Don't forget you can come back here any time and someone will be here for you. Have a rant and let it all out, no-one will judge you. It's dreadfully hard being a carer and people will understand. You won't feel alone, I guarantee.

    Love & hugs,

    Twirly xxx

     

  • Thank you all so much - I truly feel at times like I'm going mad. I feel guilty that I want to loose my temper at him but cant just keep ignoring the hurtful things he keeps saying and his very strange behaviour.

    He's only on steroids for the first three day when his regime starts - he has the infusion via a canula at the hospital then takes tablets for three weeks then gets a free week. He cant have a line in because of severe blood clotting - they did try but it had to be removed. They did warn that the side effects would be more severe with the tablets.

    Things are just ridiculous - his gout is really bad and he cant get a shoe on only flip flops - thankfully with the weather we've had that's not looked too odd. He has tried a few things including colchicine but when that didn't work they prescribed predisolone, which he wont take. The reason he wont take it is because I was put on it when first diagnosed and had a really bad time, but I was on 75 mg per day not 15 mg over three days like they want him to try. He's just so bloody minded and awkward - but he's not normally like this.

    I will talk to the ward sister on Wednesday when he has his next infusion and ask her to advise me and ask her to have a chat with him or ask the doctor too. I will also as you advise speak to a McMillan nurse.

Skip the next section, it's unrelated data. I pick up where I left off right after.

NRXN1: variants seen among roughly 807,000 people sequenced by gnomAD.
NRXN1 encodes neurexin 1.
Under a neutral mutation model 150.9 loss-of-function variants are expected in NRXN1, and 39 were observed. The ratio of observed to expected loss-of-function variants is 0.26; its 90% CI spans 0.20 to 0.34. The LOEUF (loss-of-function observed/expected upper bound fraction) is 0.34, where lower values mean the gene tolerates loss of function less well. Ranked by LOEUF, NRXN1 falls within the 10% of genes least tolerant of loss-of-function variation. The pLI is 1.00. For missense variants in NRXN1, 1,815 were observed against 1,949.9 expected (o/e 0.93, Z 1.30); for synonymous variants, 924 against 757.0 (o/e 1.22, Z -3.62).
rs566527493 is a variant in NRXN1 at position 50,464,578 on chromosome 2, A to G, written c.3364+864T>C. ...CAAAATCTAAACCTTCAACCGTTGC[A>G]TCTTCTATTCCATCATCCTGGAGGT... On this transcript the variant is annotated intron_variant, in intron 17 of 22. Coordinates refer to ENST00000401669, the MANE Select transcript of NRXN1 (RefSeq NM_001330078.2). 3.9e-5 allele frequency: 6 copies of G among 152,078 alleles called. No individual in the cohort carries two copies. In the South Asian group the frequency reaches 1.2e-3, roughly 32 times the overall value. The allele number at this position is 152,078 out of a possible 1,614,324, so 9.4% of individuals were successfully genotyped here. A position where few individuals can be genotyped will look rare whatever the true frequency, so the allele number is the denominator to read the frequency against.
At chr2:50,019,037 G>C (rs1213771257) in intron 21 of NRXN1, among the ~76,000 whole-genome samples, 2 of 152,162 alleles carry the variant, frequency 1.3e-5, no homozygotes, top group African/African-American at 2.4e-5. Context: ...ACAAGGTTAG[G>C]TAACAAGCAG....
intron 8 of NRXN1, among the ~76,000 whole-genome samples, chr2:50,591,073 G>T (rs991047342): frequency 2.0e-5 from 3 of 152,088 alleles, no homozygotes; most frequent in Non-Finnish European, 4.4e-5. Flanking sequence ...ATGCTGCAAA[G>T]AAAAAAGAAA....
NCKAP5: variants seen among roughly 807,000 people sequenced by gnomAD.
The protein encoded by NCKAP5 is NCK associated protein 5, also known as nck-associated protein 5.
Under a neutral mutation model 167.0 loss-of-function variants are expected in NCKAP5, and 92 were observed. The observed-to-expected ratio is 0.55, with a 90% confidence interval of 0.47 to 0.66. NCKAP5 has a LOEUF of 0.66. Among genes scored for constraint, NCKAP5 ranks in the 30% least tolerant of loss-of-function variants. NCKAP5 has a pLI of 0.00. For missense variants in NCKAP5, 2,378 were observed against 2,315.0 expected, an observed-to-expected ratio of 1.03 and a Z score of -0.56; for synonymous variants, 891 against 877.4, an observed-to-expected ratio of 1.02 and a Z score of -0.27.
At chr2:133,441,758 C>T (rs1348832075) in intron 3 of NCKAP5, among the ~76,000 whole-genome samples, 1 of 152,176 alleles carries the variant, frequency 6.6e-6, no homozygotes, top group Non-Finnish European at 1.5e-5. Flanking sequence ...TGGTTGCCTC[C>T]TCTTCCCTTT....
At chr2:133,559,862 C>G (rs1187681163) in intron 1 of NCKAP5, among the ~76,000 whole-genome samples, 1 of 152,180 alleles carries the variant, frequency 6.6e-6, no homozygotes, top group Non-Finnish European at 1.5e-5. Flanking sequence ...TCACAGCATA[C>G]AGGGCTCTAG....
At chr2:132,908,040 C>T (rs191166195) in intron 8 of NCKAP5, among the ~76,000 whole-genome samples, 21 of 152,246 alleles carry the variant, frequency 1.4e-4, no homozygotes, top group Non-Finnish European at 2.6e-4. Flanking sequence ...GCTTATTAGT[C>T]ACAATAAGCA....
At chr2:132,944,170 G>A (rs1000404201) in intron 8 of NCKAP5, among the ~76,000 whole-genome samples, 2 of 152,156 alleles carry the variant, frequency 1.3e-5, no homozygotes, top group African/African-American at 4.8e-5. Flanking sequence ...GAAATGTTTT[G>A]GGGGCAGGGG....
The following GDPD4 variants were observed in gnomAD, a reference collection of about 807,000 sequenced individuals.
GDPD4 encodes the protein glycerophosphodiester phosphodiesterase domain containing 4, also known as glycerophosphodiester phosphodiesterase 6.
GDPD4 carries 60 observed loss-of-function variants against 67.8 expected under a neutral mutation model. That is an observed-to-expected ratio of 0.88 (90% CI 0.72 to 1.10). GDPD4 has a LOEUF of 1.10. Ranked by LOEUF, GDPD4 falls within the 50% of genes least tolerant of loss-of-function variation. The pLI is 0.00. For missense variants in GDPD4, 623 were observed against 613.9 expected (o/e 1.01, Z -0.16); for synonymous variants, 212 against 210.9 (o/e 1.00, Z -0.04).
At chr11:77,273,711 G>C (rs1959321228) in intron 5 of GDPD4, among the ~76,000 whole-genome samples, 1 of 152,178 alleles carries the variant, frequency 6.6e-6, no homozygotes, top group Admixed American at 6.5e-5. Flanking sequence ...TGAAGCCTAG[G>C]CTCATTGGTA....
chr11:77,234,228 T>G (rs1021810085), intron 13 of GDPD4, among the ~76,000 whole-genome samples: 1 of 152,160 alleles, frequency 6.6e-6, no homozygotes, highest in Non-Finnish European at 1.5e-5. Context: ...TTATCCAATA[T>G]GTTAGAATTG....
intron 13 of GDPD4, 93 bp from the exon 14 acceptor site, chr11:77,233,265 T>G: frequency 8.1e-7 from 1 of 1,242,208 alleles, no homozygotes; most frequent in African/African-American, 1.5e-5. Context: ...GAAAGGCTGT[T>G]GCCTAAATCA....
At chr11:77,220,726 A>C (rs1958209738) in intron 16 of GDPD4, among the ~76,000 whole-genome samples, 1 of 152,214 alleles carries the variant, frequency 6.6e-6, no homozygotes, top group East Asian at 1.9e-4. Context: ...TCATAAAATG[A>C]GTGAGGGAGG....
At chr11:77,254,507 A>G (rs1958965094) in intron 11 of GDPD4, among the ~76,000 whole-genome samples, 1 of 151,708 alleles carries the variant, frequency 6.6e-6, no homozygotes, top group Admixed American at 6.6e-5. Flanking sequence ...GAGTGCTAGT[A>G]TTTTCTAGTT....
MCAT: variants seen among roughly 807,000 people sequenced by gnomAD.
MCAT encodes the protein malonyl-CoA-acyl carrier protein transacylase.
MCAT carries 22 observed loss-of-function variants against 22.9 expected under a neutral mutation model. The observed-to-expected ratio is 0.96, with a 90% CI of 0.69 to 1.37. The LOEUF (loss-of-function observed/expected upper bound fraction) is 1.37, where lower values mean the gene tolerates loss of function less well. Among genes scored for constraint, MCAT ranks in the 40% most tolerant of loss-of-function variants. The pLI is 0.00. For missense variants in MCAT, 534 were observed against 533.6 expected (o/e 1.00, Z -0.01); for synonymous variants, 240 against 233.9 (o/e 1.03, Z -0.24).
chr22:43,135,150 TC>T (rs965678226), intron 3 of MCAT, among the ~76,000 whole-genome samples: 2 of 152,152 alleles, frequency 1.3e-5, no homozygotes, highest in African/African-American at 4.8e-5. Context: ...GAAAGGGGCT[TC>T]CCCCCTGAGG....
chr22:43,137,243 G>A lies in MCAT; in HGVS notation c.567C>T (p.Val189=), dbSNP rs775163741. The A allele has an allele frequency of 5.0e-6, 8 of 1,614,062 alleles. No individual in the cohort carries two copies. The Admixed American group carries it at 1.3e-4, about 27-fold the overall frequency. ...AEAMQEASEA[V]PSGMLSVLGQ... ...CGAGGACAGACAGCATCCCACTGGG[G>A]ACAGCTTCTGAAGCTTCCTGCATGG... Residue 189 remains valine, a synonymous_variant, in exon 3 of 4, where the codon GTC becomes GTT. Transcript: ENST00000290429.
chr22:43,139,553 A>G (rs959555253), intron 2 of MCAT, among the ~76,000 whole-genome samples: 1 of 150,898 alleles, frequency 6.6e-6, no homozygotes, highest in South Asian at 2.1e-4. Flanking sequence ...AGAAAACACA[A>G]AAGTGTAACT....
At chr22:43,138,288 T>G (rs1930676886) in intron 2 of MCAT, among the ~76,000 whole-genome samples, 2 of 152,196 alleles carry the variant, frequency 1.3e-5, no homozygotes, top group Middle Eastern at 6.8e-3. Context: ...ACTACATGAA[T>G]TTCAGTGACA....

Carol O'Connor

  • Hi Carole it's not him, it will be to chemo and or the steroids. Last year when my husband was having his chemo he turned from a lovely kind man, to a nasty piece of work, and even tried to push me down the stairs. It was terrible, but after the chemo he went back to normal. It's awful at the time, and you can't understand why they are like that. When he's being awkward just go into another room or out for a walk. I didn't at the time realise it was the chemo and used to argue with him it wasn't a good time. Take care Ally x
  • Hello, only just seen your post, definitely the medication and not him, my husband has also been a similar thing and the the combined steroids with chemo had horrendous physical and mental side effects for him , developing a psychosis due to the steroids. He's on the smallest dose possible now, every other day to try and reduce the side effect whist giving him some benefit such as appetite, but even then he recognises the feeling of paranoia on the day he takes it! This for a man who has never shown even the smallest bit of a mental health problem before this dreadful disease and all the different medication came along. My hubby also has gout, but this is kept well under control with allopurinol, prescribed by GP, it works prevents vile apparently and keeps it at bay but can still be taken in acute flare ups, worth asking about? Izzy us

    Izzyus

Page 1 of 2 12Next 5 >